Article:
Marine & Environmental Sciences Faculty Articles


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Frontiers in Marine Science



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offshore renewable energies, offshore oil and gas industry, deep ocean capacity building, capacity building, observing technologies, ecosystem-based management, environmental impact assessment, deep sea industries


The deep ocean comprises complex ecosystems made up of numerous community and habitat types that provide multiple services that benefit humans. As the industrialization of the deep sea proceeds, a standardized and robust set of methods and metrics need to be developed to monitor the baseline conditions and any anthropogenic and climate change-related impacts on biodiversity, ecosystem function, and ecosystem services. Here, we review what we have learned from studies involving offshore-energy industries, including state-of-the-art technologies and strategies for obtaining reliable metrics of deep-sea biodiversity and ecosystem function. An approach that includes the detection and monitoring of ecosystem services, with open access to baseline data from multiple sectors, can help to improve our global capacity for the management of the deep ocean.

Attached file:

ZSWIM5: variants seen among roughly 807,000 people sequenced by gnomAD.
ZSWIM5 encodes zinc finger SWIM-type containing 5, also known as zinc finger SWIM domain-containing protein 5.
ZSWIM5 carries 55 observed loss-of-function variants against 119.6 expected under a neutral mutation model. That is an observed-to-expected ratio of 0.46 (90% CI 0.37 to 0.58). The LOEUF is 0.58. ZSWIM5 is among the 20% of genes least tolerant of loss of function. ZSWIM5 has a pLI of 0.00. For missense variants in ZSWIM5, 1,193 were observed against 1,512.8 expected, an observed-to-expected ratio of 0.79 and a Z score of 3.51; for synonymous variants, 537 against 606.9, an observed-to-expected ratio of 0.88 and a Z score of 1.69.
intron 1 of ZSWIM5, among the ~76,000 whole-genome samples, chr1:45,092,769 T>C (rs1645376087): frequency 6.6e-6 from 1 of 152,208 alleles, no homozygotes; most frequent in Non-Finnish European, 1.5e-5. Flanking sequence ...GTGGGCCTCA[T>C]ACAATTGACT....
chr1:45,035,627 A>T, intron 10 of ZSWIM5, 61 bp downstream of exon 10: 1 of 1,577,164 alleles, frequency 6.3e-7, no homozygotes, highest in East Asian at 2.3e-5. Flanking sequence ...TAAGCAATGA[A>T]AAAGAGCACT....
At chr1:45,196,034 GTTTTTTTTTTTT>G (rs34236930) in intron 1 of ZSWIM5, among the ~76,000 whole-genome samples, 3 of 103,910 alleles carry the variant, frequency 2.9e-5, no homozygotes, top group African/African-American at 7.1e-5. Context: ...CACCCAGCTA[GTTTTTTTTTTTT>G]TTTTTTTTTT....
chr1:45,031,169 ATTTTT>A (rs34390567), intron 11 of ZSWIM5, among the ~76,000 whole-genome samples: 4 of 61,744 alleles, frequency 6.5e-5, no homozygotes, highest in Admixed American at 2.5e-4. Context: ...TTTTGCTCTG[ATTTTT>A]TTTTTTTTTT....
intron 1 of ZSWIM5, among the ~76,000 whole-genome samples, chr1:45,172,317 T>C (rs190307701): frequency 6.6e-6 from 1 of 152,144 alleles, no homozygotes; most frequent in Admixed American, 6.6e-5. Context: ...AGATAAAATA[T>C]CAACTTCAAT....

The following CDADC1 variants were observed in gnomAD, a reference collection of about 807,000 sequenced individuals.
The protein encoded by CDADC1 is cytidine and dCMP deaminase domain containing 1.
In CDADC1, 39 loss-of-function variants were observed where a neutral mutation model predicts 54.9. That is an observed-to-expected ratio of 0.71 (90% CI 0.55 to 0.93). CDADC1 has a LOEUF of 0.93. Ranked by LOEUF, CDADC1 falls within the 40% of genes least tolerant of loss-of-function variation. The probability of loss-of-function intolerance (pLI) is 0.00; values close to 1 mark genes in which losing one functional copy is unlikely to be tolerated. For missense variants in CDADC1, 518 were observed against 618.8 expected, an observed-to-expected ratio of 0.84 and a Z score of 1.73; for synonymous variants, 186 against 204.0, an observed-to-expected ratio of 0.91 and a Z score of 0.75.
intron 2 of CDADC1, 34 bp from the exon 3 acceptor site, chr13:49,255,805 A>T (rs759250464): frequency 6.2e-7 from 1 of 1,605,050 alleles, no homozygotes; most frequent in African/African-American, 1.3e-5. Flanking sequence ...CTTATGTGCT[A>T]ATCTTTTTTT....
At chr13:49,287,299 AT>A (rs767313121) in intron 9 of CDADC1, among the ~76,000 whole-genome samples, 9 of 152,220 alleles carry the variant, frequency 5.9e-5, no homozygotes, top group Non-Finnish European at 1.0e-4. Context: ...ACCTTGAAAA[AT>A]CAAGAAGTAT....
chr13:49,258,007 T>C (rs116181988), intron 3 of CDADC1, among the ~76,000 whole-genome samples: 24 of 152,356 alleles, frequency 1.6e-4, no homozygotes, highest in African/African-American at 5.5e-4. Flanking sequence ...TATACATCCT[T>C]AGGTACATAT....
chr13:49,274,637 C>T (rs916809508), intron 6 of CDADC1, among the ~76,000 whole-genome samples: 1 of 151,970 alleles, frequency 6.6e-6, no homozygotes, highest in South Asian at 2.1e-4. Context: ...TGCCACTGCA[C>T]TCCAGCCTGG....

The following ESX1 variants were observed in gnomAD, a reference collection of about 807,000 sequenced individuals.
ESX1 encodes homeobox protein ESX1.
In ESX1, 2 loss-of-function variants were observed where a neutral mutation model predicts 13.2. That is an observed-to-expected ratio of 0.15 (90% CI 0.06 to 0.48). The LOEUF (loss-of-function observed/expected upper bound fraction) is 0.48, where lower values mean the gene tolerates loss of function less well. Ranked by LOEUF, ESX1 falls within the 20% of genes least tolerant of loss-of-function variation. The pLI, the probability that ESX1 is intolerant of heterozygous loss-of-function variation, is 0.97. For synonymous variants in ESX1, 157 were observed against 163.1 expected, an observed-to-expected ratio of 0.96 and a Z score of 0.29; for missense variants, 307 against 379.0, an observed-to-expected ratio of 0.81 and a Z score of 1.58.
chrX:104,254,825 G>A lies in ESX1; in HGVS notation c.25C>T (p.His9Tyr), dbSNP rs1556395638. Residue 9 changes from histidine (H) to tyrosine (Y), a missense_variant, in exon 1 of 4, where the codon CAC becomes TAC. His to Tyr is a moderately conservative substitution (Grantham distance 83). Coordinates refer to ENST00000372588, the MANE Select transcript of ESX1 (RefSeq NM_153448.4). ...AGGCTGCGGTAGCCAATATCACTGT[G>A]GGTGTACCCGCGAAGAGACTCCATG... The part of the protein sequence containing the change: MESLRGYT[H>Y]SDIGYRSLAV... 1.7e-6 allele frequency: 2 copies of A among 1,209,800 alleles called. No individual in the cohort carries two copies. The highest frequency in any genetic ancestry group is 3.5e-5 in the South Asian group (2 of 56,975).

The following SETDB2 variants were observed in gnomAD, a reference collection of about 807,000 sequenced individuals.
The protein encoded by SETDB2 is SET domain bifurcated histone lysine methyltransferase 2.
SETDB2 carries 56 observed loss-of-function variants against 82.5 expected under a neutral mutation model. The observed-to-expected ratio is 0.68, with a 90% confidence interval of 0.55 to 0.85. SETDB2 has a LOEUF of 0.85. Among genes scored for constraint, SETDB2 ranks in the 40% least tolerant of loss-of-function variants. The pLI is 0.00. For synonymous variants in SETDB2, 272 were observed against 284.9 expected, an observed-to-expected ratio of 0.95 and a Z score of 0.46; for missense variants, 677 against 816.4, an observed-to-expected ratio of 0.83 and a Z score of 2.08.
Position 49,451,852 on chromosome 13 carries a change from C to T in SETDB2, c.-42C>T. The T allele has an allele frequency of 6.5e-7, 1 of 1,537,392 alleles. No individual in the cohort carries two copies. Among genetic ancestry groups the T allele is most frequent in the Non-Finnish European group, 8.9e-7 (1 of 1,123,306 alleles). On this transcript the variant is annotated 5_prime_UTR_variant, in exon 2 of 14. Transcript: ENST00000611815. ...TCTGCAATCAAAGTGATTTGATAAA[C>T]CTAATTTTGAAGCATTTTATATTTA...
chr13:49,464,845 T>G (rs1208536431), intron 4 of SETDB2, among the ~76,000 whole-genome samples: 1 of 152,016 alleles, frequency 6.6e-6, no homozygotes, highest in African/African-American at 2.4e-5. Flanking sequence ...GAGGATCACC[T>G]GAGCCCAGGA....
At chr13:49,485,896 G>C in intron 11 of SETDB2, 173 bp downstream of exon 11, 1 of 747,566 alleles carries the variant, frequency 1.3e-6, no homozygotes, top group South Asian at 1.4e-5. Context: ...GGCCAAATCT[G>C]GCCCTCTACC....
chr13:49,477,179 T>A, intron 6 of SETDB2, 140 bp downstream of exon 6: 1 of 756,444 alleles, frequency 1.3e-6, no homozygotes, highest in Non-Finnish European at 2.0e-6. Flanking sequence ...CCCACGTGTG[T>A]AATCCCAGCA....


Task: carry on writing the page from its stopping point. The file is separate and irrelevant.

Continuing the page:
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© 2023 Bravo, Brandt, van der Grient, Dahlgren, Esquete, Gollner, Jones, Levin, McClain, Narayanaswamy, Sutton, Victorero and Cordes. This is an open access article distributed under the terms of the Creative Commons Attribution License (CC BY). The use, distribution or reproduction in other forums is permitted, provided the original author(s) and the copyright owner(s) are credited and that the original publication in this journal is cited, in accordance with accepted academic practice. No use, distribution or reproduction is permitted which does not comply with these terms

Creative Commons License

Creative Commons Attribution 4.0 International License
This work is licensed under a Creative Commons Attribution 4.0 International License.

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